Can a histamine intolerance diet improve your skin condition?

Can a histamine intolerance diet improve your skin condition?

There is an increasing awareness that a food intolerance can affect skin conditions. As a result, more people are learning about their sensitivity to certain foods and testing different elimination diets. We’ll look at the biggest food intolerance culprit, histamines, and discuss whether a histamine intolerance diet can improve your skin condition. After looking at some evidence that such a diet can help, we’ll go over the various ways to tackle a histamine intolerance.

Overview of Histamine Intolerance

What Is Histamine?

Histamine is a natural chemical that your body uses for many functions. One of the most important functions is to regulate your immune system, and in particular inflammation. When you have an mosquito bite, cells release histamines in the area, which is what makes the bite red and itchy.

Histamines are an important part of how your body works. They help deal with infections, like from any bacteria introduced by the mosquito bite. Normally, the histamine level will go back to normal when there is no problem.

Now, imagine that your histamine regulation is not correct and your body has too much histamine, or responds too strongly to small amounts. You would be inappropriately itchy and red all the time. This, in a nutshell, is what happens with histamine intolerance.

Histamine From Your Food

Why do some people suffer from histamine intolerance? One of the main causes of histamine intolerance is how your body digests and absorbs food. While your body can produce histamine on its own during an immune response, you also obtain histamine from the food you eat.

Food naturally contains histamine, with different foods containing more or less amounts. In healthy people, your digestive tract breaks down the histamine in your food so that only a small amount is absorbed. In unhealthy individuals, enzymes for breaking down histamines are defective or weaker than normal. As a result, a large amount of histamine is absorbed by the intestines, and the resulting histamine travels through the body in your bloodstream. The high level of histamine throughout your body can cause itchiness, congestion, redness, swelling, and other signs of inflammation.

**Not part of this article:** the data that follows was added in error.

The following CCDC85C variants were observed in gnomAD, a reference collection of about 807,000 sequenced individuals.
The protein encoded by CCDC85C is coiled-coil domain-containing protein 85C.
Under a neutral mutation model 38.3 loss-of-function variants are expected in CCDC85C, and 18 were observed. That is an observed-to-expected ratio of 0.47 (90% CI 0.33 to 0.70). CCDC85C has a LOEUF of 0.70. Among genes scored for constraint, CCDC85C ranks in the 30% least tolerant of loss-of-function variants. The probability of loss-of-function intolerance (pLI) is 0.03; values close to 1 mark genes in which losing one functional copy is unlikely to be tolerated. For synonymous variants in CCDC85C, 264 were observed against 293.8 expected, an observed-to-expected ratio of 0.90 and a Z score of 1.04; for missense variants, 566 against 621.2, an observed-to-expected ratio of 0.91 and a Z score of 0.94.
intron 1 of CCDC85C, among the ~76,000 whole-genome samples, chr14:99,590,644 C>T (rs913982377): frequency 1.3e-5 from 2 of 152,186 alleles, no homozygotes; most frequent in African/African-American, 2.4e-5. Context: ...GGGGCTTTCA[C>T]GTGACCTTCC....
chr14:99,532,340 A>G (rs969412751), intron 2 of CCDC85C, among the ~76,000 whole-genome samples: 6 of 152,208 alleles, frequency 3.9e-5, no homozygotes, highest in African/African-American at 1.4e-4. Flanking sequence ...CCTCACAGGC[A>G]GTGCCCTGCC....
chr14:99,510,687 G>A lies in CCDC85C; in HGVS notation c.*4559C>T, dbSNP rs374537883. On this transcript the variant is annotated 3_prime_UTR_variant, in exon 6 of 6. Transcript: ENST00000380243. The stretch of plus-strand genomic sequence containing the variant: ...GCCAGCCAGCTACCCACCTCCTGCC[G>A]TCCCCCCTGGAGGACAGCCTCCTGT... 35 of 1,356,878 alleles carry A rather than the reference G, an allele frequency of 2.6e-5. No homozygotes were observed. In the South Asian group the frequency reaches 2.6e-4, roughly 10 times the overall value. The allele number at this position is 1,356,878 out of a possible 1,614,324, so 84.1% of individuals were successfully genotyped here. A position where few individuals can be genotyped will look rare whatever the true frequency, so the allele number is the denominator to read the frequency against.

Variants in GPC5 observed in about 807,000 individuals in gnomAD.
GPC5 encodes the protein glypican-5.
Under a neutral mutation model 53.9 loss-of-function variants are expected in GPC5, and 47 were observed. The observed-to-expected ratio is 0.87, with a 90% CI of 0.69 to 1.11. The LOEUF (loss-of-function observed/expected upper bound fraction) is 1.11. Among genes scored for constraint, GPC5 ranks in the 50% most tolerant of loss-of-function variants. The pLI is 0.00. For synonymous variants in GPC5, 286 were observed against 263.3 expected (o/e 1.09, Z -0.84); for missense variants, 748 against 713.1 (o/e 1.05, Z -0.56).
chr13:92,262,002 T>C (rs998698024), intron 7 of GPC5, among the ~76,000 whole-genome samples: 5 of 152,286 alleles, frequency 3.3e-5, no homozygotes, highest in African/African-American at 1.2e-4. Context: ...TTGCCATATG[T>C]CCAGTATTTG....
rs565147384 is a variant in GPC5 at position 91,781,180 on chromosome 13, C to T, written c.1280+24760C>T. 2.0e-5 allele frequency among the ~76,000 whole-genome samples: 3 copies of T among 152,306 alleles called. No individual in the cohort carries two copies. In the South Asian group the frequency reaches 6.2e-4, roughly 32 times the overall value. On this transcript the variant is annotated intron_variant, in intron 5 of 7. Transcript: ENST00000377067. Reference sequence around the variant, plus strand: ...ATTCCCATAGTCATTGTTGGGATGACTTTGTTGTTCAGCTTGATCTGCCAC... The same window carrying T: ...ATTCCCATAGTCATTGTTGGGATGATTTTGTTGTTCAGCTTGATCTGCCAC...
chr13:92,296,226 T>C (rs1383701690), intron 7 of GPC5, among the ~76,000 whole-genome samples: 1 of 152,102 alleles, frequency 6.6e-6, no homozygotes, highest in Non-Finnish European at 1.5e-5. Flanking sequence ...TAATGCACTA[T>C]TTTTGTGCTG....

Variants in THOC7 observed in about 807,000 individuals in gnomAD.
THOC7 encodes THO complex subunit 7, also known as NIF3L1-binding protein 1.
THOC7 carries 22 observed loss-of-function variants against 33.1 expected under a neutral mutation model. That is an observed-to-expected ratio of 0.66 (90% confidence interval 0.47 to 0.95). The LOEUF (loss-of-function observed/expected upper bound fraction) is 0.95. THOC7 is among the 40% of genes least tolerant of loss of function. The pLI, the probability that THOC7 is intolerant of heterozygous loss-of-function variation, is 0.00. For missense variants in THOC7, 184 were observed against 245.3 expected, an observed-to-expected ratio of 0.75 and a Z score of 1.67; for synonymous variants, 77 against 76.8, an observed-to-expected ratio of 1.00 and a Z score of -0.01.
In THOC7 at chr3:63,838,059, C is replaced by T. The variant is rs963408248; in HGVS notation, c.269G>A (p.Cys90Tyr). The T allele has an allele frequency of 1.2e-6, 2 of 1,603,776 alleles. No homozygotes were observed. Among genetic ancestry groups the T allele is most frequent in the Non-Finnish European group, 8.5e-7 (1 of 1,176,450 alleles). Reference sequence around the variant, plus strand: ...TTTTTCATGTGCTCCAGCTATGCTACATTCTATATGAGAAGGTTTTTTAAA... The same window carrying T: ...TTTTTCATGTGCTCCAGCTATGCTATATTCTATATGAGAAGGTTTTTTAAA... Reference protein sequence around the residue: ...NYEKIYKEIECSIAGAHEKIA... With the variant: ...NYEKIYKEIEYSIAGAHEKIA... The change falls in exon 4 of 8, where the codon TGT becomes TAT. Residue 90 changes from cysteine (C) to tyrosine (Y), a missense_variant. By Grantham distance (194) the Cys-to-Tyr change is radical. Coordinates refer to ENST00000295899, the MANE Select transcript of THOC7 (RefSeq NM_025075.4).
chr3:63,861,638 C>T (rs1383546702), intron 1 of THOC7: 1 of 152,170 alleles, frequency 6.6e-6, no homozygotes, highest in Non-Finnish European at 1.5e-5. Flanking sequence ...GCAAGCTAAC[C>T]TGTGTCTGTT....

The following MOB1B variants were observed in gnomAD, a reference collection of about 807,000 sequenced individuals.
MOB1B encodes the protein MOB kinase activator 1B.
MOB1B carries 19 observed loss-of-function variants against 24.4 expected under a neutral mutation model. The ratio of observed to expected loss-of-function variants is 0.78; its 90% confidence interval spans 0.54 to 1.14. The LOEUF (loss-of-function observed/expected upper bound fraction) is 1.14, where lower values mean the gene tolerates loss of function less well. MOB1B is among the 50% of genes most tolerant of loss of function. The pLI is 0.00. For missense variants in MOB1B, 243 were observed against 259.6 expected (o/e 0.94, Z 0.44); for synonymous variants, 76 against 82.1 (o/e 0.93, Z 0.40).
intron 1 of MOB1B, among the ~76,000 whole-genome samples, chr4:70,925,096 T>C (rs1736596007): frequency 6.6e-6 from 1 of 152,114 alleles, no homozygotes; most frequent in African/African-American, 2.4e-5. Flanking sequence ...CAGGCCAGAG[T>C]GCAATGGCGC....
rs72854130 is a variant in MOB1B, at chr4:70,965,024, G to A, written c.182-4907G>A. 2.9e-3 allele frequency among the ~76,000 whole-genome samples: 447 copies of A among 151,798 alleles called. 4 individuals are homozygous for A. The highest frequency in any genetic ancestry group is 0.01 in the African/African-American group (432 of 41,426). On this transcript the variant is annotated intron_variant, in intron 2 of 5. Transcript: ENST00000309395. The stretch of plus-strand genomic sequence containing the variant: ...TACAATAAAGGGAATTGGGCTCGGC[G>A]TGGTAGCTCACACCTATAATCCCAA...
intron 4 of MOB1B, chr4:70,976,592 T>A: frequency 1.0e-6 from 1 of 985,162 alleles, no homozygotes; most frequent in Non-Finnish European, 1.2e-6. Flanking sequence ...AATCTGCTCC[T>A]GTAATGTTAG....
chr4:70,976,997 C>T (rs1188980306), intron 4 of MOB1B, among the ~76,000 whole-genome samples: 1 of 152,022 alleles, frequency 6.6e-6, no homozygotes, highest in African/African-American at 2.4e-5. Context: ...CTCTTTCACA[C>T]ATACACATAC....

Diamine oxidase, or DAO for short, is the most important enzyme for breaking down histamine. In healthy individuals, DAO in your intestines breaks down about 99% of the histamine in your food so that you only absorb 1% of your food’s histamine. DAO is also present in the kidneys and helps to remove existing histamine from your blood. DAO deficiency from genetic causes is likely a major contributor to histamine intolerance.

Histamine Intolerance Symptoms

The symptoms of histamine intolerance can be similar to a generic allergy, such as during hay fever season. Some common symptoms are:

  • Heartburn
  • Itchy skin near the face
  • Hives
  • Low blood pressure
  • Increased pulse rate
  • Chest pain
  • Fatigue
  • Runny nose
  • Pinkeye
  • Confusion
  • Panic attack
  • Anxiety
  • Irritability
  • Swelling around the face

Food intolerances interact badly with existing skin conditions. As you might imagine, itchy and red skin will make existing eczema even worse. Sometimes a mild skin condition can turn severe from a histamine overload, such that eliminating the histamine intolerance will be enough to restore healthy skin. We will go into further detail on this point later.